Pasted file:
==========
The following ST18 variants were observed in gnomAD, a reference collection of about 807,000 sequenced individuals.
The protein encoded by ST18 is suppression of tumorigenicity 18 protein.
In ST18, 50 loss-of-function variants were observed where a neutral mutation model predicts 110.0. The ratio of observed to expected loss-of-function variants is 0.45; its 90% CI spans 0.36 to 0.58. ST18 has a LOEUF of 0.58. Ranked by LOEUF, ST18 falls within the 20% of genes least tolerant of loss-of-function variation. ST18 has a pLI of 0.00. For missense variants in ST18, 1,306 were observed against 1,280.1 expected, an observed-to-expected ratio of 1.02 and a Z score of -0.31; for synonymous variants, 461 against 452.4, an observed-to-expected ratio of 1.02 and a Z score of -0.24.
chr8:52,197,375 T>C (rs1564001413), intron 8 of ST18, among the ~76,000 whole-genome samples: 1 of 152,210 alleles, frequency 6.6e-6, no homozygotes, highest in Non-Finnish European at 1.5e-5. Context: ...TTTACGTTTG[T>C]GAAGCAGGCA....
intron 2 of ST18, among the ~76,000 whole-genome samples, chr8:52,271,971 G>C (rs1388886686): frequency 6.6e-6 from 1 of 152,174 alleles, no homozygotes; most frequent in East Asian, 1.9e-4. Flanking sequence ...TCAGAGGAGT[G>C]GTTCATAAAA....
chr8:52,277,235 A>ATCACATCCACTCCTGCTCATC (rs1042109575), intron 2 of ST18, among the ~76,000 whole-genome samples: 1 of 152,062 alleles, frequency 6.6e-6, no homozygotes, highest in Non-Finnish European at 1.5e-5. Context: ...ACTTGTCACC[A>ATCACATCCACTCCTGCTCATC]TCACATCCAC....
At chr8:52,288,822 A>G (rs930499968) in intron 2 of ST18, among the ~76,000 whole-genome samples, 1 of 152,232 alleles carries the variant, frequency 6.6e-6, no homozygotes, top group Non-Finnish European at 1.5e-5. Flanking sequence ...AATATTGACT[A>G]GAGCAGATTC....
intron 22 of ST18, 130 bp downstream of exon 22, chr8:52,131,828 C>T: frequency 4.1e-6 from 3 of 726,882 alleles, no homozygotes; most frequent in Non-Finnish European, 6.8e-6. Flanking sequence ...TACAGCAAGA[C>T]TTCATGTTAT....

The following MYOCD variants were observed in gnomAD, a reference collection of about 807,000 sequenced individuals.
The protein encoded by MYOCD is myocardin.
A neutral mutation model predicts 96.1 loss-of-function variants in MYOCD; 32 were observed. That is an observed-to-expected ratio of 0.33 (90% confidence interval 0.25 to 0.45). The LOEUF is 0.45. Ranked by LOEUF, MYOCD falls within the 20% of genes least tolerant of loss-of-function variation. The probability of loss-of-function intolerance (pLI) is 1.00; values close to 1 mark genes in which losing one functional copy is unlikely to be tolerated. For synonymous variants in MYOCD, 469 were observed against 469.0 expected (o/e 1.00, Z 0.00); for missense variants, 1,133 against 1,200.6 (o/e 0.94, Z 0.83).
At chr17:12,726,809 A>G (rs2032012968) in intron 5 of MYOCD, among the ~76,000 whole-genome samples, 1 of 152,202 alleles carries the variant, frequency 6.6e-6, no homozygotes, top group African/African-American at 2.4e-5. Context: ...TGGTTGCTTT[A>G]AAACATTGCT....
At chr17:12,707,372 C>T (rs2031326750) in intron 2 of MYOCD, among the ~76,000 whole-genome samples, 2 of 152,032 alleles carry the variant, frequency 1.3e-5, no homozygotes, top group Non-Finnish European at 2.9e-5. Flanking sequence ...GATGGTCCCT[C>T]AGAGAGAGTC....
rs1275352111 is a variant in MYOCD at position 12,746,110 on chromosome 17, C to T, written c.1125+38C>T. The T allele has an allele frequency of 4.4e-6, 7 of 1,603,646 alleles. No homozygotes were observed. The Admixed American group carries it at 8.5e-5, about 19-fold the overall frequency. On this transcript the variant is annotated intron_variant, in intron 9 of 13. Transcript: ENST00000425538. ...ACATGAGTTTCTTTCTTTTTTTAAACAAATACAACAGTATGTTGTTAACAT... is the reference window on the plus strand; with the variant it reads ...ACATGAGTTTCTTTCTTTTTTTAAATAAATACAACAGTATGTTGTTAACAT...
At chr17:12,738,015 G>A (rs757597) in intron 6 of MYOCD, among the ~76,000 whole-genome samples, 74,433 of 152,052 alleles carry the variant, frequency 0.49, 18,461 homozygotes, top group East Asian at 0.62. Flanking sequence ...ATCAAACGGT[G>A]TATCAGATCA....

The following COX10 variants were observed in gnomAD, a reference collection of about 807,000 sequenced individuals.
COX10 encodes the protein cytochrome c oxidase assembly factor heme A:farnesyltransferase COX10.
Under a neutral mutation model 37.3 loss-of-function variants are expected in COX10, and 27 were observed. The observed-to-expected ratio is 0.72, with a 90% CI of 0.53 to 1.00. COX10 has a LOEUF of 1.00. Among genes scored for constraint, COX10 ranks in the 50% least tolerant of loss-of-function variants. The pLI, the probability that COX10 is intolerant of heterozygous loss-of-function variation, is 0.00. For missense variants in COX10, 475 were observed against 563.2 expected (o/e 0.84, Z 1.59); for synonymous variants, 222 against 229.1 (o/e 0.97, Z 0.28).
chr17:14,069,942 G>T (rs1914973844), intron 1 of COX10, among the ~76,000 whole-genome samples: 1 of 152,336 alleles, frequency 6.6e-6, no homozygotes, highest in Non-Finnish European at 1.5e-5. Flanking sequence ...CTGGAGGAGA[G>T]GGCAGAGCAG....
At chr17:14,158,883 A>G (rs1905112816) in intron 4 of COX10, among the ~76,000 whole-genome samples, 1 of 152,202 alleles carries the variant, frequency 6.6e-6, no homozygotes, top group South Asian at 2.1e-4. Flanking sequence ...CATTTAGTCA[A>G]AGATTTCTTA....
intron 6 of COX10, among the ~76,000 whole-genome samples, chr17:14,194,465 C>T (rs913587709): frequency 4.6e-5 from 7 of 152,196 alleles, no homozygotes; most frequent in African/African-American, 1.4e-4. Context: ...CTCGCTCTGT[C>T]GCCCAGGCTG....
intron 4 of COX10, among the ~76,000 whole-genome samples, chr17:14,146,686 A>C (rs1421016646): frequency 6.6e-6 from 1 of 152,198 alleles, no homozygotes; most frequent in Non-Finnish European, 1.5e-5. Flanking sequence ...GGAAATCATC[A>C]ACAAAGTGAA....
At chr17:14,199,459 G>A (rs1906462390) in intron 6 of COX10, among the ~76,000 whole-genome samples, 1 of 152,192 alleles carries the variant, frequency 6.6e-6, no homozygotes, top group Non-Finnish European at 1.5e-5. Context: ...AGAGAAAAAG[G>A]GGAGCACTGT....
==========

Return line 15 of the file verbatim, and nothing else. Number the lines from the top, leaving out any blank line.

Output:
At chr17:12,738,015 G>A (rs757597) in intron 6 of MYOCD, among the ~76,000 whole-genome samples, 74,433 of 152,052 alleles carry the variant, frequency 0.49, 18,461 homozygotes, top group East Asian at 0.62. Flanking sequence ...ATCAAACGGT[G>A]TATCAGATCA....